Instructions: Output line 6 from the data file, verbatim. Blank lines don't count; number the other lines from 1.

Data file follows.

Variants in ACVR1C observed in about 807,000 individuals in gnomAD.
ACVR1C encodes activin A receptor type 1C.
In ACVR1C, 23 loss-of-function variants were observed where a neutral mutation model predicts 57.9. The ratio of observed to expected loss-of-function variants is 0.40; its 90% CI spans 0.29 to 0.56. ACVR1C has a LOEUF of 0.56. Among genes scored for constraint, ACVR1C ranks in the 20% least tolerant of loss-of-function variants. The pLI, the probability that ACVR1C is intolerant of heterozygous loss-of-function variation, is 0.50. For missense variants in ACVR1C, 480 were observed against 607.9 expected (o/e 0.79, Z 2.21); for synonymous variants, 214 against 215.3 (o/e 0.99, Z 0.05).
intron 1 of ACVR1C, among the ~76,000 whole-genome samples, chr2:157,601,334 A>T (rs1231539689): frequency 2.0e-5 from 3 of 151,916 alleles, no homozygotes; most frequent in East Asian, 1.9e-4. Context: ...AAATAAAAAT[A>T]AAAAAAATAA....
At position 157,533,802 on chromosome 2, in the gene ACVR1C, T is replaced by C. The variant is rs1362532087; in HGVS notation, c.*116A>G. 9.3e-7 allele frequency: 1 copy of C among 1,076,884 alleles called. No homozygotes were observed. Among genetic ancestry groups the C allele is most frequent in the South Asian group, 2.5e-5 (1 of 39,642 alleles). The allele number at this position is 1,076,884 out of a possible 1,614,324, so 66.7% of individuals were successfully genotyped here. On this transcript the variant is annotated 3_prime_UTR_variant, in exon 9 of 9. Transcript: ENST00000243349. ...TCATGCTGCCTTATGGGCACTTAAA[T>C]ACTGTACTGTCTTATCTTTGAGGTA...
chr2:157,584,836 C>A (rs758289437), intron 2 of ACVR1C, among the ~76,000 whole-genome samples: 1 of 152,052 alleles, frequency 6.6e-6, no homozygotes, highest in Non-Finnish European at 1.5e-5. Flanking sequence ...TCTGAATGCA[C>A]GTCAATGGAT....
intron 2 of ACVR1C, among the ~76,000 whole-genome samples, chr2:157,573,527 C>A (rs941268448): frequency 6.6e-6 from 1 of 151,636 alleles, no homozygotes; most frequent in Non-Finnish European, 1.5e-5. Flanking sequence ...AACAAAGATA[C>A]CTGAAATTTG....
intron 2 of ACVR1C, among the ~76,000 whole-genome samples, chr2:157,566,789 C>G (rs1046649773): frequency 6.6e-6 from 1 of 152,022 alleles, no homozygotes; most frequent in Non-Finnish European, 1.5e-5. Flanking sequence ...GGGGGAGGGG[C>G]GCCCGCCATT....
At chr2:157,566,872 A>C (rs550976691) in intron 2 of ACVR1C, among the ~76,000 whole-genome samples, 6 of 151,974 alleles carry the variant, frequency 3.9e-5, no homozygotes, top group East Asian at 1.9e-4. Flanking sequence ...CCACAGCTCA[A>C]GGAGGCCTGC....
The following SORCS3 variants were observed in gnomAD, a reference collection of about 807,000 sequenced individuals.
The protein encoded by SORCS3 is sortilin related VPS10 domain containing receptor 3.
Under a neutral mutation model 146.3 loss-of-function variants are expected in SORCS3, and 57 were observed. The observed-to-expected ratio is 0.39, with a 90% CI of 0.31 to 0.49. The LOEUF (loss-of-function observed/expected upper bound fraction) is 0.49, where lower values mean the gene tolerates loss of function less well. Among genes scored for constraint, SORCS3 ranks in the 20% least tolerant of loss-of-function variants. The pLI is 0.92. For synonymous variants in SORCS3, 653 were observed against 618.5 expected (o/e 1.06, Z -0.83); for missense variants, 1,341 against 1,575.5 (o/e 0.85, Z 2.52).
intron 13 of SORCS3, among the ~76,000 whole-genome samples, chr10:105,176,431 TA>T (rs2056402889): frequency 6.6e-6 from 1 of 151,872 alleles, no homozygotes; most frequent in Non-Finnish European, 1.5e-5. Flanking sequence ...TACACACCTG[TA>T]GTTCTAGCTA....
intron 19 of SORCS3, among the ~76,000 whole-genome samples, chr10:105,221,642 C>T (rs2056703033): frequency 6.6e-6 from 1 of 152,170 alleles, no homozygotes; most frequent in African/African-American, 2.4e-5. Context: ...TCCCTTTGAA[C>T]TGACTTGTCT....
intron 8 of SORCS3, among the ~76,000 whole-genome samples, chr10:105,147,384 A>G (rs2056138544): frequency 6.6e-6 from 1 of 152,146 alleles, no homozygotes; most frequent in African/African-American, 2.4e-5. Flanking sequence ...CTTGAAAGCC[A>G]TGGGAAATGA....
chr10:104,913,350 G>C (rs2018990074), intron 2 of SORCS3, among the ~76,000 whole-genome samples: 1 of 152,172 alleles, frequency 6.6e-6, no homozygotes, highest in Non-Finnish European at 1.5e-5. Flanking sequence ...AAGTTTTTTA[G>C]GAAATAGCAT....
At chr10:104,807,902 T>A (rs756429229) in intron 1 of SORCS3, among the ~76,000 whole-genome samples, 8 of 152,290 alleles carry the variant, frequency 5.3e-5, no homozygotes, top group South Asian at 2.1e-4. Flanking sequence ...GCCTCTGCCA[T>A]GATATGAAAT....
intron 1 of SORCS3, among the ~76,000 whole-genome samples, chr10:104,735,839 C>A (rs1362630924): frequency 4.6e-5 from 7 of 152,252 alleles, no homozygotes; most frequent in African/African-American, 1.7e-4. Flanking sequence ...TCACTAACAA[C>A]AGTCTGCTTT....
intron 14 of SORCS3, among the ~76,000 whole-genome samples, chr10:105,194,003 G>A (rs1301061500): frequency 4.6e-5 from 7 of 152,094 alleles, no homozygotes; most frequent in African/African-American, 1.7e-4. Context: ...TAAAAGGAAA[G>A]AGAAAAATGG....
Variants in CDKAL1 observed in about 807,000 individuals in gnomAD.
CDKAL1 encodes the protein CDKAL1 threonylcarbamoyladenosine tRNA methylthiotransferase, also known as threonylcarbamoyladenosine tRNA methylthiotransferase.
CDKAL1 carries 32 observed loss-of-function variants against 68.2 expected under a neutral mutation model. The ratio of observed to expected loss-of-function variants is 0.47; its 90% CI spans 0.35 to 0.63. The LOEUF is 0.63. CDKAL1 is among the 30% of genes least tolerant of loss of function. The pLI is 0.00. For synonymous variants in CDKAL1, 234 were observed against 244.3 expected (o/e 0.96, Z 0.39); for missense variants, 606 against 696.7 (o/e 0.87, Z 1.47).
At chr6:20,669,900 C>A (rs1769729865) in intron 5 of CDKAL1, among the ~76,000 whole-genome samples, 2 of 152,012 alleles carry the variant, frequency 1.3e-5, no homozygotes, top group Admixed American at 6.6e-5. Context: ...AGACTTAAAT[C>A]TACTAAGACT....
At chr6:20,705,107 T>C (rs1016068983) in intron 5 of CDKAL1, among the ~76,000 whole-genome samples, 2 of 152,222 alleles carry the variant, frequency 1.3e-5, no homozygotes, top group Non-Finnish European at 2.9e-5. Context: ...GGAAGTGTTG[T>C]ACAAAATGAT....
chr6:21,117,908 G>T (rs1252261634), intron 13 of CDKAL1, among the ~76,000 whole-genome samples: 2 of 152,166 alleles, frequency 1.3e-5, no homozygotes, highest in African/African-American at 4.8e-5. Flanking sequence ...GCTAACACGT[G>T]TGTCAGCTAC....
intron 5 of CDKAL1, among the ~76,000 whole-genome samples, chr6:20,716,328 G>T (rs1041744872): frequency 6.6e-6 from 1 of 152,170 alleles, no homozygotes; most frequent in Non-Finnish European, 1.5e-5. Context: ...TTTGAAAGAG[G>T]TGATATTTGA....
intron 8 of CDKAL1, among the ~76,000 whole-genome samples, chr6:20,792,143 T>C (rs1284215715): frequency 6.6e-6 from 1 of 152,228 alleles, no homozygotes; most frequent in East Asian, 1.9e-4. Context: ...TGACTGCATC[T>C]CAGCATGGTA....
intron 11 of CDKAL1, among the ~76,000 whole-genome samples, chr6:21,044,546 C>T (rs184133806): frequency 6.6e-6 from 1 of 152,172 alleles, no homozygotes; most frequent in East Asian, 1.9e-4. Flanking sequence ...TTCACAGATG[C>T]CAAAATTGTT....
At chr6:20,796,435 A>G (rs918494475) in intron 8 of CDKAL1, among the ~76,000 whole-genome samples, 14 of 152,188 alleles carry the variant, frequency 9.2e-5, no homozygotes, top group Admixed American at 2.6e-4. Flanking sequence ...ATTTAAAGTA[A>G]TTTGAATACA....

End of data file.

chr2:157,584,836 C>A (rs758289437), intron 2 of ACVR1C, among the ~76,000 whole-genome samples: 1 of 152,052 alleles, frequency 6.6e-6, no homozygotes, highest in Non-Finnish European at 1.5e-5. Flanking sequence ...TCTGAATGCA[C>A]GTCAATGGAT....